Many car accidents result in small claims lawsuits. Here’s what happens if someone sues you after a car accident.

Determining Liability

The primary objective of the involved insurance companies is to identify which party is liable for the accident. The percentage of fault is determined by your insurance company’s investigation, alongside your attorney’s investigation of the event.

Since California is a pure comparative negligence state, it allows injured parties to collect damages even if they are 99% at fault.

Negotiating Insurance Companies

A lawsuit tends to occur post-insurance company negotiations. Since California is not a no-fault state, this means the other party is able to sue for additional damages external to medical bills.

At-Fault Driver

If the individual is the at-fault driver, a lawsuit brought against them is likely to reward a portion of the requested compensation. The compensation varies based on the severity of the plaintiff’s injuries. If you are being sued, you will be served and required to appear in court at the time and date mentioned in the provided court documents. Failing to attend court can result in the judge ruling in the favor of the opposing party.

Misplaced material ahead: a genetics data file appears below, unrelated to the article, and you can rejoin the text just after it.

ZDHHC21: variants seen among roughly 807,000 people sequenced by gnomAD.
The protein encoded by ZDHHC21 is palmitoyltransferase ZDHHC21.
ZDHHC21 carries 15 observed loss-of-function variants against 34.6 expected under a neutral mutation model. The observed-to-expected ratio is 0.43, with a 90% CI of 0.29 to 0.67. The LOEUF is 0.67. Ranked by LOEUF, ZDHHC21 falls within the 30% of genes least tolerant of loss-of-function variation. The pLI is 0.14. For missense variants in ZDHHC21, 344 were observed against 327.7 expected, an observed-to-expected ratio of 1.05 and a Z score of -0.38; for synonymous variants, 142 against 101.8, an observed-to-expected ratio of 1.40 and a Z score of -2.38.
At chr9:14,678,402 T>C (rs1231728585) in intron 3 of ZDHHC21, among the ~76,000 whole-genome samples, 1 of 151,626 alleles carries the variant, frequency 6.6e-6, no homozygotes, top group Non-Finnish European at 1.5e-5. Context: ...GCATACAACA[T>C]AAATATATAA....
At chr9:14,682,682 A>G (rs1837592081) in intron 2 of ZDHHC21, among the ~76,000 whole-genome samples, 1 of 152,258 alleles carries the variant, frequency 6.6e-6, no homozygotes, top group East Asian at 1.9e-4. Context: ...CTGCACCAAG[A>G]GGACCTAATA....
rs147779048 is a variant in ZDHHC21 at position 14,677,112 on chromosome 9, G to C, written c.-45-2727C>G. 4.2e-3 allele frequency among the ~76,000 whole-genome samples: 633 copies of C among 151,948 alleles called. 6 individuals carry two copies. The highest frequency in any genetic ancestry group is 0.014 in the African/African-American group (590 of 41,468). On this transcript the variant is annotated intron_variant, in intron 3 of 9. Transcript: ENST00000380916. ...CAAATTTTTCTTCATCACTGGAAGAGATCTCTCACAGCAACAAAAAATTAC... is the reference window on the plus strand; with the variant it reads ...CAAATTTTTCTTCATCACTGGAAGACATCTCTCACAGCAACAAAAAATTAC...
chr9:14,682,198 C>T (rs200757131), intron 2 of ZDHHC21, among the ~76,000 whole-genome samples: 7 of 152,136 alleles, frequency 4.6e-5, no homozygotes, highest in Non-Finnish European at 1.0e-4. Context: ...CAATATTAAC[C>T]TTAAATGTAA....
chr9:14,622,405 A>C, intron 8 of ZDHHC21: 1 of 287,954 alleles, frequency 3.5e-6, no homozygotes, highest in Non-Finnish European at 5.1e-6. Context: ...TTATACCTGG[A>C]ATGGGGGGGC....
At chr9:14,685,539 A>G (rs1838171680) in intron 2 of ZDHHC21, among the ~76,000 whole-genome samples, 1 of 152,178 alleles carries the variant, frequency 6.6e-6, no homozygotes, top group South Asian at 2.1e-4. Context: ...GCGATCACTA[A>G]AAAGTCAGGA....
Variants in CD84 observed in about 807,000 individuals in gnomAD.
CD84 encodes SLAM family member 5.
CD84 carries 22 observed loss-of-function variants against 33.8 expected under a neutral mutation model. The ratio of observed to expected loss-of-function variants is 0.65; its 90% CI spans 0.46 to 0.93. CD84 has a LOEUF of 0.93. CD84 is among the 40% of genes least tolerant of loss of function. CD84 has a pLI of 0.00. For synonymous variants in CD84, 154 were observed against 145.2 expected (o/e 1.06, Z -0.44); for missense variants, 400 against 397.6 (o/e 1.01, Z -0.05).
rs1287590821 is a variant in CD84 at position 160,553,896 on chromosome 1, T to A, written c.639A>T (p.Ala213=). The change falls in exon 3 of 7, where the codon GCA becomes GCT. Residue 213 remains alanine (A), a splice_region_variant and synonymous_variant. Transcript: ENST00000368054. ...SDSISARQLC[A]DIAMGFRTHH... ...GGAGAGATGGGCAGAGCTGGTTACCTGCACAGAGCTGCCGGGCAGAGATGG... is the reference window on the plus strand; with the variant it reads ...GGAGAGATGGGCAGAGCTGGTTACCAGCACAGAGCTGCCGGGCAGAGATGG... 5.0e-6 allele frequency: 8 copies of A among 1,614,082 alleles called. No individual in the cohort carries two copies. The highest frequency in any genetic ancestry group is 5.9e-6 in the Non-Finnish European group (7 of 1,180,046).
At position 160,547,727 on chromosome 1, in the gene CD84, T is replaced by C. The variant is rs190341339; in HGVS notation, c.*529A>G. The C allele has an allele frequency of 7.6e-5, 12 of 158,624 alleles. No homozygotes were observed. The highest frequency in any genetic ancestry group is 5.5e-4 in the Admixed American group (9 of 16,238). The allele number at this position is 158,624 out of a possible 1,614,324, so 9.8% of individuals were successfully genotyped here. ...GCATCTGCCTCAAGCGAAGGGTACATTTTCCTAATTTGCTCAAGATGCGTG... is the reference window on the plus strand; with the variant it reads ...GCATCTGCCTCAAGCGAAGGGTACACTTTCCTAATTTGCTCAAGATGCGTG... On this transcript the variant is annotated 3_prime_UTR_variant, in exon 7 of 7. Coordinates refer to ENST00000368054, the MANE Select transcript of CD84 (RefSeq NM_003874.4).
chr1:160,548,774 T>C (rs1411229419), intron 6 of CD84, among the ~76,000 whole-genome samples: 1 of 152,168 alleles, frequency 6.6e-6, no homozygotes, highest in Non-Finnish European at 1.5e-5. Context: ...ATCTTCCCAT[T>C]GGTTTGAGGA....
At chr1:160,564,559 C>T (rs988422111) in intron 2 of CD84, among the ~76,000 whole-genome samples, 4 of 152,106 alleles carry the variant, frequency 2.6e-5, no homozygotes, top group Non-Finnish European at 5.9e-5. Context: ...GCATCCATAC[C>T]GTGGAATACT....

Not At-Fault Driver

It is required that an individual show up to court, even if they are not at fault. Since California is a comparative negligence state, a not-at-fault driver can still end up compensating the opposing party. In car accidents, fault typically does not fall fully onto one party. Most car accidents will be 50/50, 75/25, 80/20, etc. If you are sued but the insurance companies have found you to be less liable than the plaintiff, you should still attend court.

Summary of Car Accident Lawsuit Process

  1. Insurance companies negotiate
  2. Defendant wants to claim more damages
  3. Defendant files a lawsuit at their local courthouse
  4. Defendant serves the plaintiff
  5. Defendant and plaintiff must go to court at the assigned time and location
  6. The judge considers both the defendants and the plaintiff’s evidence
  7. The judge rules on the case

Related: How to Find a Good Personal Injury Attorney in California

Can I counter sue someone who is suing me for damages from a car accident?

Yes, both parties are able to file a lawsuit after a car accident, unless one party is 100% responsible.

How long do I have to file a lawsuit after a car accident in California?

In order to file an injury claim, an individual has two years to do so under California Code of Civil Procedure section 335.1. You only have three years to file for property damages under the California Code of Civil Procedure section 338.

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If someone sued you or a loved one after a car accident, get your free consultation with one of our experienced attorneys in California today!